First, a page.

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The Beat Goes On: How Minimally Invasive Surgery Saved A 77-Year-Old Drummer

Just a decade ago, surgical options were limited for people like 77-year-old drummer Denny Seiwell, who came to Cedars-Sinai with a potentially life-threatening aortic aneurysm. But advances in minimally invasive techniques are making major operations safer for patients in their 70s, 80s and even 90s. So what does a new lease on life look like for octogenarians?

A Photo illustration by Eddie Guy of Denny Seiwell, who came to Cedars-Sinai with a potentially life-threatening aortic aneurysm.

Denny Seiwell has a new lease on life after undergoing a highly advanced surgical procedure at Cedars-Sinai. Photo illustration by Eddie Guy.

Denny Seiwell’s life has always been graced by good timing. It’s in his DNA as a second-generation drummer.  His dad played with the Dorsey Brothers and started Seiwell on drums when he was just 5 years old. Good timing also served him well at two pivotal points in his life: in 1970, when he auditioned for Paul McCartney in the basement of a dilapidated building in Midtown Manhattan, and in 2019, when he met vascular surgeon Ali Azizzadeh, MD, at Cedars-Sinai.

Seiwell and McCartney hit it off instantly. Seiwell became a founding member of McCartney’s post-Beatles band, Wings (for more on Seiwell’s storied career, see sidebar). The experience was a highlight of a long career performing on the world’s biggest stages with some of the greatest jazz, rock and pop stars. Nearly five decades later, the Pennsylvania native faced a potentially life-threatening health issue that brought him to Azizzadeh’s office.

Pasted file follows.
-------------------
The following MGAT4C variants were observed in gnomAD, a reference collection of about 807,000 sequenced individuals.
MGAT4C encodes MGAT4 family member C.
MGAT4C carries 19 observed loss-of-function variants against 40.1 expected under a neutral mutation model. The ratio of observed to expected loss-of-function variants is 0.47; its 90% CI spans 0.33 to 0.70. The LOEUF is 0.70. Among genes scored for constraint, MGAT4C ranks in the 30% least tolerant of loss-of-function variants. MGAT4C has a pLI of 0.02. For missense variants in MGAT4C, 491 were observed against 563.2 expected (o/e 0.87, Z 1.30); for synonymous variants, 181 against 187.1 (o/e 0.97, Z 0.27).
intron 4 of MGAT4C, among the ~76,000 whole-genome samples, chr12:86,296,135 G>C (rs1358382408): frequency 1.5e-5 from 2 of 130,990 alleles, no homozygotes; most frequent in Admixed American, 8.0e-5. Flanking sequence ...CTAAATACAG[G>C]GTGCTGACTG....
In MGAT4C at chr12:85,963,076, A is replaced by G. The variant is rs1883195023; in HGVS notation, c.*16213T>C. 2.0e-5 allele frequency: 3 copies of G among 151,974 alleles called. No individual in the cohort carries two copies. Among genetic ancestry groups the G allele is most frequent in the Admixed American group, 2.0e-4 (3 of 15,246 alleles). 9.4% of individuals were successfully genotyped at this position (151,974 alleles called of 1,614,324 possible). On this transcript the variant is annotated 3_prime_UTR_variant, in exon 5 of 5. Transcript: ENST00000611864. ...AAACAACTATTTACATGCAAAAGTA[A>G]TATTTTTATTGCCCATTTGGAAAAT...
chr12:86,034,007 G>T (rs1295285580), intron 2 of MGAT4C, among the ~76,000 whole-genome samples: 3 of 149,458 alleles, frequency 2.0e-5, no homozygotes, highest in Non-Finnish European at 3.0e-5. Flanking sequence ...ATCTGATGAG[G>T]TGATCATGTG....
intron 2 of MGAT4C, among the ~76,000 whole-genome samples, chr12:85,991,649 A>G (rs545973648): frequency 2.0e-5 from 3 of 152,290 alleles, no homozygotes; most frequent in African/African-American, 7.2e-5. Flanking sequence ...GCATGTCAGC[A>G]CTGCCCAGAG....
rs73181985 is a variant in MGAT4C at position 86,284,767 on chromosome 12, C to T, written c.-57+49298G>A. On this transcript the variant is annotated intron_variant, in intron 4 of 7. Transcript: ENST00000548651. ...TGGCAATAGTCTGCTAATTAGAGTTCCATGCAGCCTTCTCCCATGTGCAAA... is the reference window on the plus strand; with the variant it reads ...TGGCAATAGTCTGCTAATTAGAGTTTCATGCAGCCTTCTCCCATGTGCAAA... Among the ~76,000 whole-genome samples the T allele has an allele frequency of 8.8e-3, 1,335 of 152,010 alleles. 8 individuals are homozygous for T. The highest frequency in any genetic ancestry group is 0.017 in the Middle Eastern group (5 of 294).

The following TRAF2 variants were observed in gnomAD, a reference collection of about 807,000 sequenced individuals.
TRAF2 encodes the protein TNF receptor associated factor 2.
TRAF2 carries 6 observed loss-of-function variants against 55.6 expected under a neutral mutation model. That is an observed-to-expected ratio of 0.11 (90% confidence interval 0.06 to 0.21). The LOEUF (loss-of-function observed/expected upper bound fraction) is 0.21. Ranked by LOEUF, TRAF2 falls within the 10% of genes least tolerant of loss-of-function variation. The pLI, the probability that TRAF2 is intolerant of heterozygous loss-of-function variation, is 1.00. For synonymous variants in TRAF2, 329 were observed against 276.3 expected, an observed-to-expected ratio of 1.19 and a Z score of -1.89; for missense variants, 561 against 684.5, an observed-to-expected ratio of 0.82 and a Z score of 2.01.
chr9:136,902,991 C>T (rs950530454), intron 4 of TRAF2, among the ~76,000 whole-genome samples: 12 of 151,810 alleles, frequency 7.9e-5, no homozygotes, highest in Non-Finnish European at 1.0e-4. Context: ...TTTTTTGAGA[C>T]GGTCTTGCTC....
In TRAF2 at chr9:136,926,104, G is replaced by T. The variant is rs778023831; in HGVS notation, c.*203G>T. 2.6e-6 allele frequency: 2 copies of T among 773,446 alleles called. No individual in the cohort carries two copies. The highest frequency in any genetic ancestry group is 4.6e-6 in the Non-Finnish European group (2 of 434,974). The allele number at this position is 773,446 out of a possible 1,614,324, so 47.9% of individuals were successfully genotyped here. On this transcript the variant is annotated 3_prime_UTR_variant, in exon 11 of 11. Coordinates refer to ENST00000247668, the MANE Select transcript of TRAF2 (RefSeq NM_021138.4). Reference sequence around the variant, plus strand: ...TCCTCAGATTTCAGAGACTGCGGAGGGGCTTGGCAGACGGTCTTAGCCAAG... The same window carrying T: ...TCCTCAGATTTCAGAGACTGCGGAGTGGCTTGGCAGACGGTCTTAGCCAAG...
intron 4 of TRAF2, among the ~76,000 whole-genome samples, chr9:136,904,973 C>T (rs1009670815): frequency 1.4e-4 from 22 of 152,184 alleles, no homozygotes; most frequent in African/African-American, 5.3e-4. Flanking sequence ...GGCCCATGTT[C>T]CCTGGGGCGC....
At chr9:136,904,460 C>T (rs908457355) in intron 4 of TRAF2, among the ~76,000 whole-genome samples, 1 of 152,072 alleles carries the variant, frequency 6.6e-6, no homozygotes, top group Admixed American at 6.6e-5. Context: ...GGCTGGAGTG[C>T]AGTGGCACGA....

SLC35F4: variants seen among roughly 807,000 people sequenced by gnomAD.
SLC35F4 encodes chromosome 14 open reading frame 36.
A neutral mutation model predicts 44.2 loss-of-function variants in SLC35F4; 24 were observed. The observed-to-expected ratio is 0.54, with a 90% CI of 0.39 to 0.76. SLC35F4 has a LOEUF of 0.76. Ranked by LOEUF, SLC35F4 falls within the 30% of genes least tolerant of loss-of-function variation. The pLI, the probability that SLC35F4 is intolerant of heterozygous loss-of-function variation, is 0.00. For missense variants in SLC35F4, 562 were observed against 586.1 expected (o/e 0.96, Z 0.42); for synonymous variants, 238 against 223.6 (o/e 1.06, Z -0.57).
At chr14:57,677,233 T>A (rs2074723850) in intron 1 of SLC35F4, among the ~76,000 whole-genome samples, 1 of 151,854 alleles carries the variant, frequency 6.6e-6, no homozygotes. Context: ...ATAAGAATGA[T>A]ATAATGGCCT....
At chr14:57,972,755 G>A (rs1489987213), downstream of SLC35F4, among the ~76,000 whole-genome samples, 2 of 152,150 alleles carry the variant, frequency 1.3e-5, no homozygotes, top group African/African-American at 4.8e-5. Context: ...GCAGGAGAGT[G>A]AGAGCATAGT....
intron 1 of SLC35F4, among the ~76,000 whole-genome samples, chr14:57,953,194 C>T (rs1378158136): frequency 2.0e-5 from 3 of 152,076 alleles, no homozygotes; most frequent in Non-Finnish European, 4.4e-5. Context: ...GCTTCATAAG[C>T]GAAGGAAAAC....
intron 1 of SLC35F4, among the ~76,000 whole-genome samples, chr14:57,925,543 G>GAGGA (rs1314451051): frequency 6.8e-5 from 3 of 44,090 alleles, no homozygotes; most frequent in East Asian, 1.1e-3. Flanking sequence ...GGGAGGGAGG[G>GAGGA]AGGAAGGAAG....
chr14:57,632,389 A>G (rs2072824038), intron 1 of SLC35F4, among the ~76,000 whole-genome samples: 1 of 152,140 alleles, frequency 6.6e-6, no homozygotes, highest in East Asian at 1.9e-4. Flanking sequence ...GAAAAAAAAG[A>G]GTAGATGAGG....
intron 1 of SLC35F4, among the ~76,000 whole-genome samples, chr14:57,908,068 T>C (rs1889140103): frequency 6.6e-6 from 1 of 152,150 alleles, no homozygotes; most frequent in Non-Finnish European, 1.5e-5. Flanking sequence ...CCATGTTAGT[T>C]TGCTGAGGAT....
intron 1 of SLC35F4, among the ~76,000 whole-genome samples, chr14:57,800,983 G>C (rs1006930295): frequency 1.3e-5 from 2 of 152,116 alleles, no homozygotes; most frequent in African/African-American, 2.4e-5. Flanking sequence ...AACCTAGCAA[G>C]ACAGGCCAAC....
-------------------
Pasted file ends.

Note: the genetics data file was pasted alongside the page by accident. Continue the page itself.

Seiwell and Azizzadeh hit it off instantly, too. Both the drummer and the doctor discovered their passions early in life and achieved a level of technical skill that is off the charts. Azizzadeh, director of the Division of Vascular Surgery at Cedars-Sinai and a pioneer in developing minimally invasive techniques to treat vascular disease, was able to offer a highly advanced surgical procedure tailored to his patient’s needs. And Seiwell left the doctor’s office with hope that he would be able to quickly get his groove back.

The New Old Age

Cedars-Sinai patient Denny Seiwell with singer Paul McCartney.

Patient Denny Seiwell (left) was a founding member of Paul McCartney’s post-Beatles band, Wings.

Seiwell is part of a generation that is redefining what it means to be “old.” Sonja Rosen, MD, chief of Geriatric Medicine at Cedars-Sinai, says medical options for treating serious conditions such as heart disease and cancer now include surgery in cases in which it would have been too dangerous just a decade ago. Minimally invasive techniques that involve smaller incisions, shorter hospital stays, less pain and faster recovery are making it safer for people in their 70s, 80s and even 90s to undergo surgery.

“People are living longer and many of my patients are quite a bit younger than their real age because their functional status is so good,” Rosen says. “There are a lot of reasons for this, including medical advances that help keep people healthy and enable them to age more healthfully, even with chronic medical conditions.”

As the U.S. population ages and minimally invasive medical technology improves, a growing number of older people are becoming candidates for surgery. According to the Centers for Disease Control and Prevention, more than a third of all surgical procedures performed in U.S. hospitals involve patients age